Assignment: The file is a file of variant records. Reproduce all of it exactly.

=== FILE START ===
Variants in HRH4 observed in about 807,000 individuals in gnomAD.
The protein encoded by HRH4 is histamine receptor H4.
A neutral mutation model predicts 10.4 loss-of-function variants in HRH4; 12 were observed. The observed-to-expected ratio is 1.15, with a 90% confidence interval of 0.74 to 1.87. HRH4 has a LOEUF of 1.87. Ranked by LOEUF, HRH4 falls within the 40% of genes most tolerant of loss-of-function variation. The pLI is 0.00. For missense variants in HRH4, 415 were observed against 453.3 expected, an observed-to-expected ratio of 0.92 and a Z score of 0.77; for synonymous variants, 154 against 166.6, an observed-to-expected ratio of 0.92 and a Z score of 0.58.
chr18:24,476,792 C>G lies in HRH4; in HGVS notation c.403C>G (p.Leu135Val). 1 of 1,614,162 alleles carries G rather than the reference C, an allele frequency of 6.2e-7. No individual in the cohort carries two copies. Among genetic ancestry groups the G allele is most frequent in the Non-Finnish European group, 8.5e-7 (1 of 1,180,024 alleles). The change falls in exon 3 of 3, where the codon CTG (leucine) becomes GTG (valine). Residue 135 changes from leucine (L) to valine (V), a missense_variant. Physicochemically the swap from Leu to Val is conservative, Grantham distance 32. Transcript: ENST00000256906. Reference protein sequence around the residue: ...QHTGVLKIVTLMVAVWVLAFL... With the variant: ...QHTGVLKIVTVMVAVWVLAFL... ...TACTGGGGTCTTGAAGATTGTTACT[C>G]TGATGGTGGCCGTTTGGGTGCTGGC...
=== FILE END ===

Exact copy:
Variants in HRH4 observed in about 807,000 individuals in gnomAD.
The protein encoded by HRH4 is histamine receptor H4.
A neutral mutation model predicts 10.4 loss-of-function variants in HRH4; 12 were observed. The observed-to-expected ratio is 1.15, with a 90% confidence interval of 0.74 to 1.87. HRH4 has a LOEUF of 1.87. Ranked by LOEUF, HRH4 falls within the 40% of genes most tolerant of loss-of-function variation. The pLI is 0.00. For missense variants in HRH4, 415 were observed against 453.3 expected, an observed-to-expected ratio of 0.92 and a Z score of 0.77; for synonymous variants, 154 against 166.6, an observed-to-expected ratio of 0.92 and a Z score of 0.58.
chr18:24,476,792 C>G lies in HRH4; in HGVS notation c.403C>G (p.Leu135Val). 1 of 1,614,162 alleles carries G rather than the reference C, an allele frequency of 6.2e-7. No individual in the cohort carries two copies. Among genetic ancestry groups the G allele is most frequent in the Non-Finnish European group, 8.5e-7 (1 of 1,180,024 alleles). The change falls in exon 3 of 3, where the codon CTG (leucine) becomes GTG (valine). Residue 135 changes from leucine (L) to valine (V), a missense_variant. Physicochemically the swap from Leu to Val is conservative, Grantham distance 32. Transcript: ENST00000256906. Reference protein sequence around the residue: ...QHTGVLKIVTLMVAVWVLAFL... With the variant: ...QHTGVLKIVTVMVAVWVLAFL... ...TACTGGGGTCTTGAAGATTGTTACT[C>G]TGATGGTGGCCGTTTGGGTGCTGGC...